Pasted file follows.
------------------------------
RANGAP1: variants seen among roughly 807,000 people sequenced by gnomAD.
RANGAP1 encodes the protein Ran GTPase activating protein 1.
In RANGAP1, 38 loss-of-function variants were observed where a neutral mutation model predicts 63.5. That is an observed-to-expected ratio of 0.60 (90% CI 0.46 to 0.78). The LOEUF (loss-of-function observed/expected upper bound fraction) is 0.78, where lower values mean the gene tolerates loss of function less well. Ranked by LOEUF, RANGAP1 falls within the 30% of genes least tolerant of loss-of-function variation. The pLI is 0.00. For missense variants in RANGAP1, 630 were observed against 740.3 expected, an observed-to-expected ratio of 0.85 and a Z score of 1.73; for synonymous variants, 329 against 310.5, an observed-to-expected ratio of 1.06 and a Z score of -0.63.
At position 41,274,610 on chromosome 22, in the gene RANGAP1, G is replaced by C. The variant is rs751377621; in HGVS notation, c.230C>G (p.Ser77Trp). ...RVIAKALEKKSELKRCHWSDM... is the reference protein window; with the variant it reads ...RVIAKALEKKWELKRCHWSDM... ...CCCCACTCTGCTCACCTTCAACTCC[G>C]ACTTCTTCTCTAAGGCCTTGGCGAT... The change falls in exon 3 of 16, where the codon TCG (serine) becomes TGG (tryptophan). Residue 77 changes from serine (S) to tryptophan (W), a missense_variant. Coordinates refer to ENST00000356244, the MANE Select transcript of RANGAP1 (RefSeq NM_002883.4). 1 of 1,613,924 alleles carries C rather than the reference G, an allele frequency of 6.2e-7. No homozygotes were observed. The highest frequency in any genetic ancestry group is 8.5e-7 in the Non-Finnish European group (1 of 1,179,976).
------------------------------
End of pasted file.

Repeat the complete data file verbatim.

RANGAP1: variants seen among roughly 807,000 people sequenced by gnomAD.
RANGAP1 encodes the protein Ran GTPase activating protein 1.
In RANGAP1, 38 loss-of-function variants were observed where a neutral mutation model predicts 63.5. That is an observed-to-expected ratio of 0.60 (90% CI 0.46 to 0.78). The LOEUF (loss-of-function observed/expected upper bound fraction) is 0.78, where lower values mean the gene tolerates loss of function less well. Ranked by LOEUF, RANGAP1 falls within the 30% of genes least tolerant of loss-of-function variation. The pLI is 0.00. For missense variants in RANGAP1, 630 were observed against 740.3 expected, an observed-to-expected ratio of 0.85 and a Z score of 1.73; for synonymous variants, 329 against 310.5, an observed-to-expected ratio of 1.06 and a Z score of -0.63.
At position 41,274,610 on chromosome 22, in the gene RANGAP1, G is replaced by C. The variant is rs751377621; in HGVS notation, c.230C>G (p.Ser77Trp). ...RVIAKALEKKSELKRCHWSDM... is the reference protein window; with the variant it reads ...RVIAKALEKKWELKRCHWSDM... ...CCCCACTCTGCTCACCTTCAACTCC[G>C]ACTTCTTCTCTAAGGCCTTGGCGAT... The change falls in exon 3 of 16, where the codon TCG (serine) becomes TGG (tryptophan). Residue 77 changes from serine (S) to tryptophan (W), a missense_variant. Coordinates refer to ENST00000356244, the MANE Select transcript of RANGAP1 (RefSeq NM_002883.4). 1 of 1,613,924 alleles carries C rather than the reference G, an allele frequency of 6.2e-7. No homozygotes were observed. The highest frequency in any genetic ancestry group is 8.5e-7 in the Non-Finnish European group (1 of 1,179,976).